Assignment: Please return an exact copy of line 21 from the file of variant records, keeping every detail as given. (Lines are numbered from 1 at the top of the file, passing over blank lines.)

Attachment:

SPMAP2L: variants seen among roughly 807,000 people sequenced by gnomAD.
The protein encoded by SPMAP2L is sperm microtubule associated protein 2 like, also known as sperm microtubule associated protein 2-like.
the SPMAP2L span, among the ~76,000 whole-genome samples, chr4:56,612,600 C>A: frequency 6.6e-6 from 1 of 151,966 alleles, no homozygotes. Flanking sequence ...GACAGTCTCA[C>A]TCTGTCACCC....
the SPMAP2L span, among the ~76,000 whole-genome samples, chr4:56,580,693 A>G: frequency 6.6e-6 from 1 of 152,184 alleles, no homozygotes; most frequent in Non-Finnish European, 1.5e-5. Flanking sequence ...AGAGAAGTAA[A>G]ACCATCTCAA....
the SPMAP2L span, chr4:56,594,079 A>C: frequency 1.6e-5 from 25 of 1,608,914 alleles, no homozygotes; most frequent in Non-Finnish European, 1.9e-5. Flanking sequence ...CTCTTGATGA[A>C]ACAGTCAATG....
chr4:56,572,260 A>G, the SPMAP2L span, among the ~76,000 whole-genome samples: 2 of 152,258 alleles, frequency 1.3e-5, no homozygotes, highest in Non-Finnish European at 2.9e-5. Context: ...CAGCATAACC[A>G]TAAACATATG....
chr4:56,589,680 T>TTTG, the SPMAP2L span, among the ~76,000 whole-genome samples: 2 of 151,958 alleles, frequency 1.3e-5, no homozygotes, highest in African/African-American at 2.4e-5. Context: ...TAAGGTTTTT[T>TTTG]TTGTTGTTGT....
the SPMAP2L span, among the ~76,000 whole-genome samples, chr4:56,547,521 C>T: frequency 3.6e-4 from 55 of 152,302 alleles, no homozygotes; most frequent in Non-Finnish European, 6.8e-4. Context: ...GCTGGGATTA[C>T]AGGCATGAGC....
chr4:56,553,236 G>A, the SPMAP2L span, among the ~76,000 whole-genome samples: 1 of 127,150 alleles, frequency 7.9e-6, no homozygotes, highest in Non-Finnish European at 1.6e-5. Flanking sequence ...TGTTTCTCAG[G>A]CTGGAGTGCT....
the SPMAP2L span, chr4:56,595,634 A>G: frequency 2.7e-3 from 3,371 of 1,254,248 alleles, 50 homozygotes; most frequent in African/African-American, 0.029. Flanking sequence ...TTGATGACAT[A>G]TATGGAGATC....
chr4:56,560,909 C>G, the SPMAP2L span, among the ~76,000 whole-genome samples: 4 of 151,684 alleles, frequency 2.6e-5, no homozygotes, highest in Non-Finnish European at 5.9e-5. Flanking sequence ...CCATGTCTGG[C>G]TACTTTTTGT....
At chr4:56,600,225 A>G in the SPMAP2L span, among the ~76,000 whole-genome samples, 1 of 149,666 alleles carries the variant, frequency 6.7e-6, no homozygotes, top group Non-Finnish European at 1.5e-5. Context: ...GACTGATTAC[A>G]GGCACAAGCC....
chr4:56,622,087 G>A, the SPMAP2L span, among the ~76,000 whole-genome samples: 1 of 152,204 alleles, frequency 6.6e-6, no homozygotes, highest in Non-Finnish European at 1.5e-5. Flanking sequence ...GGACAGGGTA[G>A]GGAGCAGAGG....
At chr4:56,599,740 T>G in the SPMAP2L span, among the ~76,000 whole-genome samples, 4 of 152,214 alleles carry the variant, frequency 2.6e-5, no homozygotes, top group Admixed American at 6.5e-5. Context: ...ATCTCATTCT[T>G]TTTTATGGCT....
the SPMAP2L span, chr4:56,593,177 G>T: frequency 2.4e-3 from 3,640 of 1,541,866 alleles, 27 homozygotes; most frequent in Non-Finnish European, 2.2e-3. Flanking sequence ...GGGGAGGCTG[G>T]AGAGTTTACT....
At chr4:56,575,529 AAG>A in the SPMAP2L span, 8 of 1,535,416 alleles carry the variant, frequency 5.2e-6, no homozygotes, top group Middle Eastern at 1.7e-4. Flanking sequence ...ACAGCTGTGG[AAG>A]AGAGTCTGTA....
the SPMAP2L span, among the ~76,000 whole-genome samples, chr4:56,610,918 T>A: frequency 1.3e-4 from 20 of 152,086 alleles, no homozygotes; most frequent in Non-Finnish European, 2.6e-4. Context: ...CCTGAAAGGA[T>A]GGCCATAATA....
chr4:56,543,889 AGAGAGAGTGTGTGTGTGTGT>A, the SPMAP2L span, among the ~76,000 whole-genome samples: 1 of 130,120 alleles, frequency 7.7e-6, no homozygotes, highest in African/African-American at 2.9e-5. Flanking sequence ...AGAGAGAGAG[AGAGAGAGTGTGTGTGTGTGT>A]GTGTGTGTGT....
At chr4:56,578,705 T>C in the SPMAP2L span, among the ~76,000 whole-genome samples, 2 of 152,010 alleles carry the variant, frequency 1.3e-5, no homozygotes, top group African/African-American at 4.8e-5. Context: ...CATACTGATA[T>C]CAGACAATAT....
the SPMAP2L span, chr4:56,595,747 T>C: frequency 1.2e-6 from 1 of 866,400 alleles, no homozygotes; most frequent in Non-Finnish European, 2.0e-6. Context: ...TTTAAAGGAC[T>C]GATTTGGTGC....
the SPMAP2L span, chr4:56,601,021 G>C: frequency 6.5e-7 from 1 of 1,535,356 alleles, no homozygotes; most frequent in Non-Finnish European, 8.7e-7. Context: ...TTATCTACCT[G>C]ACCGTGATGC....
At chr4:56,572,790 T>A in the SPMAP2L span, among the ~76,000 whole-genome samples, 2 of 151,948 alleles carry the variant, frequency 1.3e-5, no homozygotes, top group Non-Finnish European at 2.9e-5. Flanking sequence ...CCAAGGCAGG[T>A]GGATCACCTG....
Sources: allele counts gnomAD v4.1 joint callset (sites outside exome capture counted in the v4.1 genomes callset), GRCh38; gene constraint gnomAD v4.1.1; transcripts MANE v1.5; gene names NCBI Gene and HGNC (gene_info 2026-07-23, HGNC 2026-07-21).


the SPMAP2L span, chr4:56,601,021 G>C: frequency 6.5e-7 from 1 of 1,535,356 alleles, no homozygotes; most frequent in Non-Finnish European, 8.7e-7. Context: ...TTATCTACCT[G>C]ACCGTGATGC....